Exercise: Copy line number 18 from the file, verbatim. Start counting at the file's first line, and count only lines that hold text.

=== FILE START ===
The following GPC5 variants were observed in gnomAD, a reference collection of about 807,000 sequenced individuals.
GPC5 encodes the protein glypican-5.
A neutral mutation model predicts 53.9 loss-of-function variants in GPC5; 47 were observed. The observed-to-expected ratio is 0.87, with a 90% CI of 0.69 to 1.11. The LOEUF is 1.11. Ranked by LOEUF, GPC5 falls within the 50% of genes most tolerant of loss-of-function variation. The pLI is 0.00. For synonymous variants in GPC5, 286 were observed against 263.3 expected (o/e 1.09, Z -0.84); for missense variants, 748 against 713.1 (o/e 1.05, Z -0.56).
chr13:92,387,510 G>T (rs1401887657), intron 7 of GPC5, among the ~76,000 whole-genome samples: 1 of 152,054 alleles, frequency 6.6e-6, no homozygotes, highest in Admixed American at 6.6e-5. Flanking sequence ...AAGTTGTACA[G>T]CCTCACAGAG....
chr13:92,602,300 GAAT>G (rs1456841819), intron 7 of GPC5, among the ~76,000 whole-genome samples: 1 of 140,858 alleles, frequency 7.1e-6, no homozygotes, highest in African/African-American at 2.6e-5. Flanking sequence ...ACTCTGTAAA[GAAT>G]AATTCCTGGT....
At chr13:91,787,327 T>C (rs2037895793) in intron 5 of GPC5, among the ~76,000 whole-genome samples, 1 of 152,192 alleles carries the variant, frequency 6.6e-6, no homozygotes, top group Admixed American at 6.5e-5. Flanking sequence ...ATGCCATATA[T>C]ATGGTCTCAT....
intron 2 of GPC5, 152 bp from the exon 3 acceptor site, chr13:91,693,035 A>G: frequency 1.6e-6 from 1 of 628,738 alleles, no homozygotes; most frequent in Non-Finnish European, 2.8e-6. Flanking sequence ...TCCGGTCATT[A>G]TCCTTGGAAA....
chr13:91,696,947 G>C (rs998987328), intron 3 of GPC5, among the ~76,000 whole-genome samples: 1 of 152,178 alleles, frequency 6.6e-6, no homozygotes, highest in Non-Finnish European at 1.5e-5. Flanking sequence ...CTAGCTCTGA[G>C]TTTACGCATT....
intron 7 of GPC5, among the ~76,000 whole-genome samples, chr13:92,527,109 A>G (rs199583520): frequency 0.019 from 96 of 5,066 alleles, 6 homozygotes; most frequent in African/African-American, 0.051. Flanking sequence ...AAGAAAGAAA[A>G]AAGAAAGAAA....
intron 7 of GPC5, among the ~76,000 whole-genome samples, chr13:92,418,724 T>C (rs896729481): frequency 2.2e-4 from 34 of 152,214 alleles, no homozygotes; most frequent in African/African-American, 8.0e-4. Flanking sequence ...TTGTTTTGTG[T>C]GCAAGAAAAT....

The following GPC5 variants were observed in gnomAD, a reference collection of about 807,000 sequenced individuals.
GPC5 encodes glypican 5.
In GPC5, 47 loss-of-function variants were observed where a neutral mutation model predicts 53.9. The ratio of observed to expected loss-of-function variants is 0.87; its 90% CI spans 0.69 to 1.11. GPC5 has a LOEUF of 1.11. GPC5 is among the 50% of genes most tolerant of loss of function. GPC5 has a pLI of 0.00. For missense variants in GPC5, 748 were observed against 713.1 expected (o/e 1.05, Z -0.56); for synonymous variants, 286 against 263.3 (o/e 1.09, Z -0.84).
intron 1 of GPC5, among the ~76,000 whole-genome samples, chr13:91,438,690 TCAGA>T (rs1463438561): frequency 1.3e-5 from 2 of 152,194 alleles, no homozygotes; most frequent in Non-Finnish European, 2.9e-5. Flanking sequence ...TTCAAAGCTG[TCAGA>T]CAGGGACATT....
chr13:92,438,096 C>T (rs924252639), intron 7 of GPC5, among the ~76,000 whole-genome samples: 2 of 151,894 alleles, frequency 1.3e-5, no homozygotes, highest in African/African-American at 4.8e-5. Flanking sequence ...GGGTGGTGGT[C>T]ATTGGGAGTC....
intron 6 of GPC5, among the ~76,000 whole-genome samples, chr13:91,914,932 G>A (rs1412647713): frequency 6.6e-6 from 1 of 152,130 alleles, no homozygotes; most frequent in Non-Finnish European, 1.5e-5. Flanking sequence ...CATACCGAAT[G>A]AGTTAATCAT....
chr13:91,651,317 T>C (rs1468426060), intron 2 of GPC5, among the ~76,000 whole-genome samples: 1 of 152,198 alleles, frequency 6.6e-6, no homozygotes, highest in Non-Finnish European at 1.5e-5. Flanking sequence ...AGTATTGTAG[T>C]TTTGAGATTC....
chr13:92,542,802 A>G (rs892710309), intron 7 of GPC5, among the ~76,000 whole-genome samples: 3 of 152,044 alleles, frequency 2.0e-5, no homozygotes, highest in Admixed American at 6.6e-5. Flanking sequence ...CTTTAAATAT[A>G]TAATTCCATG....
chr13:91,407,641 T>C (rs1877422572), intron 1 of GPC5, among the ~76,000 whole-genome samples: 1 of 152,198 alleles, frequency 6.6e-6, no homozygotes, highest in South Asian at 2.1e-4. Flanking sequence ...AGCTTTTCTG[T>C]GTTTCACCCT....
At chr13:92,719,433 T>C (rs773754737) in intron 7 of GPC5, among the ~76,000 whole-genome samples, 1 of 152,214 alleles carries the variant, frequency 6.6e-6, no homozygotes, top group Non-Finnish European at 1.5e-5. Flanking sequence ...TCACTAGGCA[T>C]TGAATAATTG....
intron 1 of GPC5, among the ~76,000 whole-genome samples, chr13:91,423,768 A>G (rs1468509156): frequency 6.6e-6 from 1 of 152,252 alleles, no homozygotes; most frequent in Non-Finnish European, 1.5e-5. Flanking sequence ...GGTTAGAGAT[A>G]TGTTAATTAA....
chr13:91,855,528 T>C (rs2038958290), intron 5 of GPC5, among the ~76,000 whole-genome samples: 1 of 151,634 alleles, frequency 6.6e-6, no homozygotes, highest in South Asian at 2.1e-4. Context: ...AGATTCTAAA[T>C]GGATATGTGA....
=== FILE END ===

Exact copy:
chr13:92,542,802 A>G (rs892710309), intron 7 of GPC5, among the ~76,000 whole-genome samples: 3 of 152,044 alleles, frequency 2.0e-5, no homozygotes, highest in Admixed American at 6.6e-5. Flanking sequence ...CTTTAAATAT[A>G]TAATTCCATG....